Animal Cognition

, Volume 11, Issue 3, pp 495–503

Do fish count? Spontaneous discrimination of quantity in female mosquitofish


    • Department of General PsychologyUniversity of Padova
  • Marco Dadda
    • Department of General PsychologyUniversity of Padova
  • Giovanna Serena
    • Department of General PsychologyUniversity of Padova
  • Angelo Bisazza
    • Department of General PsychologyUniversity of Padova
Original Paper

DOI: 10.1007/s10071-008-0140-9

Cite this article as:
Agrillo, C., Dadda, M., Serena, G. et al. Anim Cogn (2008) 11: 495. doi:10.1007/s10071-008-0140-9


The spontaneous tendency to join the largest social group was used to investigate quantity discrimination in fish. Fish discriminated between shoals that differed by one element when the paired numbers were 1vs2, 2vs3 and 3vs4, but not when 4vs5 or larger. Using large numerosities (>4), the ability to discriminate between two numbers improved as the numerical distance between them increased and a significant discrimination was found only with ratios of 1:2 or smaller (4vs8, 8vs16 and 4vs10). Experiments to control for non-numerical variables evidenced the role played by the total area of stimuli with both large and small numerosities; the total quantity of movement of the fish within a shoal appeared also important but only when large numerosities were involved. Even though the pattern of discrimination exhibited by female mosquitofish is not fully consistent with any of the existing models of quantity representation, our results seem to suggest two distinct mechanisms in fish, one used to compare small numbers of objects and one used when larger numerosities are involved.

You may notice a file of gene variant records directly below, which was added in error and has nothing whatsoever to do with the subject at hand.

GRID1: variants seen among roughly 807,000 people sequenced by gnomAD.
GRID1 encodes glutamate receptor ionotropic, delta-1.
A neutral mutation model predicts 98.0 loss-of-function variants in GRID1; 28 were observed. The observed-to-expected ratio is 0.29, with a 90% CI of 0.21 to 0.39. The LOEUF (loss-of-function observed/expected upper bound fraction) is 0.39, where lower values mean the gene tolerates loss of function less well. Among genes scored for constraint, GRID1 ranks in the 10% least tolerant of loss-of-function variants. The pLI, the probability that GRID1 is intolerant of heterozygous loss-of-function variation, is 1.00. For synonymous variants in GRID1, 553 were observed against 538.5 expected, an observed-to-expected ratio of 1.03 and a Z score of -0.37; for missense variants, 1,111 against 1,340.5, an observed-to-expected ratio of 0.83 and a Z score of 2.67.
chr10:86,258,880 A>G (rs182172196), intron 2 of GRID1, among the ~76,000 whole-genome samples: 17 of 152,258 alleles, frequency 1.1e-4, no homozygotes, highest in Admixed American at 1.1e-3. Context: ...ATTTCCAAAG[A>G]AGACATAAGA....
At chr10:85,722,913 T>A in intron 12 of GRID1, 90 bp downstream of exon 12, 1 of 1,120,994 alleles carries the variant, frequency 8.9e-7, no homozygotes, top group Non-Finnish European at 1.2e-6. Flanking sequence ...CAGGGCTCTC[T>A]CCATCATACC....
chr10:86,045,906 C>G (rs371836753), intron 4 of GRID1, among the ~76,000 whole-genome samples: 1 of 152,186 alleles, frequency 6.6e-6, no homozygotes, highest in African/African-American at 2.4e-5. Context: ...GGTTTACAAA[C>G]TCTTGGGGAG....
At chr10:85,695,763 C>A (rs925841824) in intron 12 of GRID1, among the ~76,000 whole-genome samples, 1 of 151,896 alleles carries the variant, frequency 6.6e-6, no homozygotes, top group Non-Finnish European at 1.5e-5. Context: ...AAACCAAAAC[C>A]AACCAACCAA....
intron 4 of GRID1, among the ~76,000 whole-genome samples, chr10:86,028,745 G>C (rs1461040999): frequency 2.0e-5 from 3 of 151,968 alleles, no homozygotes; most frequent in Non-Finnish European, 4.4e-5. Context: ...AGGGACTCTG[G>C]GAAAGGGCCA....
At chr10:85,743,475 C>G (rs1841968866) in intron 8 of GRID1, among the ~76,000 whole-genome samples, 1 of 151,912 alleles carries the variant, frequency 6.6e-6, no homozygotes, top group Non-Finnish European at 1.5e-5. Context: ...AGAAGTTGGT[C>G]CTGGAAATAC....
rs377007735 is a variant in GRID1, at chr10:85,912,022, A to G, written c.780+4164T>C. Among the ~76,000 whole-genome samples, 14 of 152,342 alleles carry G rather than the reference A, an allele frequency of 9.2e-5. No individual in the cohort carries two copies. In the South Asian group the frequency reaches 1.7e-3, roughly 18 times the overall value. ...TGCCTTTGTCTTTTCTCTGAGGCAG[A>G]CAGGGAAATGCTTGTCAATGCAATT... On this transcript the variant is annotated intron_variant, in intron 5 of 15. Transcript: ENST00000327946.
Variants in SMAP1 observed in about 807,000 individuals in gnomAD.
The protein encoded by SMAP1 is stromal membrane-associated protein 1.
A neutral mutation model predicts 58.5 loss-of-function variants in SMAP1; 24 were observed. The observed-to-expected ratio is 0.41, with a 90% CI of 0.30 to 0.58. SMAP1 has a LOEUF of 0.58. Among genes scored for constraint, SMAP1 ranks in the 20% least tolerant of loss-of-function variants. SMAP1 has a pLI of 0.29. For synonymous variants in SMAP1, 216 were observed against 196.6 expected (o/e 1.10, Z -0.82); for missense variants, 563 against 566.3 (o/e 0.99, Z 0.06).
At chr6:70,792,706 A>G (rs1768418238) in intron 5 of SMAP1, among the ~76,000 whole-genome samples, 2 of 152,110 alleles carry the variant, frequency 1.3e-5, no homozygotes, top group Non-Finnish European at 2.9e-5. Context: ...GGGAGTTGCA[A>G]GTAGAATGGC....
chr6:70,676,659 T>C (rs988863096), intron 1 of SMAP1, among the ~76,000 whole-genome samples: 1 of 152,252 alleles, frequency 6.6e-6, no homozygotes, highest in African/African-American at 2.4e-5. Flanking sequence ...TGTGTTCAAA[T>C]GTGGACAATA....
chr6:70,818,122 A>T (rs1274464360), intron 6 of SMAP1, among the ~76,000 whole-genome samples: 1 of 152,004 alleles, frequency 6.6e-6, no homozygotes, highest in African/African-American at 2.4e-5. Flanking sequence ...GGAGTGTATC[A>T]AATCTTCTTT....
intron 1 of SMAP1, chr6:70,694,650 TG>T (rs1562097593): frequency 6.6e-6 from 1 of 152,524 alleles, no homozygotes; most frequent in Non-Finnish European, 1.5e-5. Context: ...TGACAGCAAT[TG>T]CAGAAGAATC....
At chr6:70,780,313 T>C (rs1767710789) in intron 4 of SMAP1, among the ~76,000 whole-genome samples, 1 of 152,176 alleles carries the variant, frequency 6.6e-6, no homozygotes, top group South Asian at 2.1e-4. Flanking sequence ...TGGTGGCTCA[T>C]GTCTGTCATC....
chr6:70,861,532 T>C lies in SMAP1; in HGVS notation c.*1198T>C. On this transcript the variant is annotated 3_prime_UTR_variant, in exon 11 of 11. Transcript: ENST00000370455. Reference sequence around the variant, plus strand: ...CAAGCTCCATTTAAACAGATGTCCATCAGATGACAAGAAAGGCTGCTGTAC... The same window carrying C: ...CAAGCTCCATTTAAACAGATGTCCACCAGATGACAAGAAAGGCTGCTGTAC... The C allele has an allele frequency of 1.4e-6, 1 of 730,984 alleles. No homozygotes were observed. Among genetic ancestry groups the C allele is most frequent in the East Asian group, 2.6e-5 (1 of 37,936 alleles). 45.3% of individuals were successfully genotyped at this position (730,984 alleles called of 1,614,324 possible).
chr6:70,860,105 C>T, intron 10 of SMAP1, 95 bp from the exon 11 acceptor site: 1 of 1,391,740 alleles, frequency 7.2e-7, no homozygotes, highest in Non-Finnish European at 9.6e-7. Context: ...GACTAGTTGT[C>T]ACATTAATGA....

Fish cognitionQuantity discriminationContinuous variableNumber

Copyright information

© Springer-Verlag 2008